Why This Is Such a Risky Stock MarketThose who follow the stock market closely know that on days when we hear the chairwoman of the Federal Reserve speak and she mentions something about “easing” or how the central bank will continue to use its “extraordinary measures” for a long period of time, the stock market jumps.

I’ve talked about this phenomenon many times in these pages. Another example of this happened on March 31, when the Fed chairwoman spoke in Chicago. Please see the chart below. It’s a minute stock chart of the S&P 500. I’ve circled a rough area around the time when Janet Yellen spoke.

 SPX S&P 500 Large Cap Index ChartChart courtesy of www.StockCharts.com

As she spoke more of that “easing” talk, the stock market jumped, as usual.

So it has come to the point where the stock market rises when it hears the Fed will keep interest rates artificially low for a prolonged period of time and when a poor jobs report comes out (like last Friday morning’s), saying jobs have been created in spite of the fact that there is a heavy concentration of jobs growth in low-paying sectors and millions of people have given up looking for work.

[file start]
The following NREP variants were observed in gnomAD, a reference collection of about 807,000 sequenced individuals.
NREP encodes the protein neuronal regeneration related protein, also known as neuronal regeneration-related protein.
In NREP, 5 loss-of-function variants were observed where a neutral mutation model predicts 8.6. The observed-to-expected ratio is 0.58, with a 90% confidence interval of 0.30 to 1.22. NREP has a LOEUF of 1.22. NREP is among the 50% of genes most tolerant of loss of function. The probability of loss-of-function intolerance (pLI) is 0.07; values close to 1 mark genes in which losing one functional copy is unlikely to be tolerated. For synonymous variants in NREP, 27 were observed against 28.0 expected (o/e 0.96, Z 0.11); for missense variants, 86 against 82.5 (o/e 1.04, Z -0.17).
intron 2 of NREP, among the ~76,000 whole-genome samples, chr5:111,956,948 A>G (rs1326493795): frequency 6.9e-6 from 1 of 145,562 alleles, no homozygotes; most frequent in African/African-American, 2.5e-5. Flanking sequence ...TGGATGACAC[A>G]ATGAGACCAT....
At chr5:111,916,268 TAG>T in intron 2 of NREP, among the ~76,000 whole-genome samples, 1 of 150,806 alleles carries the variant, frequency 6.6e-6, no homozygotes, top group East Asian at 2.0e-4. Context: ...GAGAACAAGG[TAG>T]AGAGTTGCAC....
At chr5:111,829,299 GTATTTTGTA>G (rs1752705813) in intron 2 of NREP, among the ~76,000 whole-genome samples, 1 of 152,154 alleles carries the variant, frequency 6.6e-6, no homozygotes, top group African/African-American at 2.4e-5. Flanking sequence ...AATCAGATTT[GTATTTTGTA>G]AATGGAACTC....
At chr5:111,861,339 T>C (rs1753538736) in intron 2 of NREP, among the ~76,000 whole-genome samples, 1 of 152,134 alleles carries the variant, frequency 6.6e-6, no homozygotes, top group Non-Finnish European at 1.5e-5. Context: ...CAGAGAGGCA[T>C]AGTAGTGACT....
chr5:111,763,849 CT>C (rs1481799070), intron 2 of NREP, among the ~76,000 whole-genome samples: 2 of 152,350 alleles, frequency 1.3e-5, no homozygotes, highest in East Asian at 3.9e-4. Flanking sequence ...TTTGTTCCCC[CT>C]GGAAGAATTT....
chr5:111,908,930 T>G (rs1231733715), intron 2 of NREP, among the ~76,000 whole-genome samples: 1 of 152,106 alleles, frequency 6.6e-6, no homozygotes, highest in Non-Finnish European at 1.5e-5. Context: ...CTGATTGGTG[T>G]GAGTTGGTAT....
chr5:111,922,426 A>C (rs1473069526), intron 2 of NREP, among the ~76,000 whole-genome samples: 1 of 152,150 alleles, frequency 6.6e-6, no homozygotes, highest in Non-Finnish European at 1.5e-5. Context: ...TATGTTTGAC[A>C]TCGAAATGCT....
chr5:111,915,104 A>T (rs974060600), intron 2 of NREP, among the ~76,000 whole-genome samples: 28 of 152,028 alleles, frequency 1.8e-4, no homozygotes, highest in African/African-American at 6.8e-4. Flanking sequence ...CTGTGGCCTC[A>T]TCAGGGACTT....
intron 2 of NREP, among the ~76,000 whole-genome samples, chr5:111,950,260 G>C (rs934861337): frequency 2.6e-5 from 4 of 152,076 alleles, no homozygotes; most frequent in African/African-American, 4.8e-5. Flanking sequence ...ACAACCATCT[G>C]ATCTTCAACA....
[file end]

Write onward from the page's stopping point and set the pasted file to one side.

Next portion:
In other words, we have reached the point where the stock market takes any news as a reason to move higher; this is characteristic of a market top.

When we look at the fundamentals of the stock market, we see companies in the S&P 500 are using financial engineering to boost per-share earnings. These companies have bought back their shares and have been cutting costs to boost profits as revenue growth just isn’t there anymore.

The proof? In the … Read More

Will the U.S. Escape the Rapid Inflation That Usually Follows Massive Money Printing?

By for Profit Confidential

Proof Growth in Money Supply Not Spurring GDP GrowthIs the Federal Reserve ignoring the very basic law of economics…the law of diminishing marginal utility? You remember that term from economics in high school. The law of diminishing marginal utility states that the more of something you have, the lesser its impact on you.

The Fed has been printing money in hopes of stimulating growth in the U.S. economy. As the Fed printed more paper money, its balance sheet grew to over $4.0 trillion.

Below, I’ve made a table that looks at gross domestic product (GDP) growth in the U.S. each year since 2009, and where the balance sheet of our central bank stood at the end of each year.

In the table below, you will notice something interesting; aside from 2009, there is no real correlation between the increases in the assets (paper money printed) on the Fed’s balance sheet and GDP growth. In fact, after all the money the Fed has printed, the U.S. economy grew last year at its slowest pace since 2011.

U.S. GDP Growth vs. Growth in Size of Fed Balance Sheet

Year YOY Change
in GDP
Fed Balance Sheet (Trillions) YOY Change in Balance Sheet
2009 -2.80% $2.08 73.44%
2010 2.50% $2.31 11.21%
2011 1.84% $2.74 18.58%
2012 2.77% $2.86 4.36%
2013 1.87% $3.47 21.33%

Data source: Federal Reserve Bank of St. Louis web site,
last accessed April 1, 2014.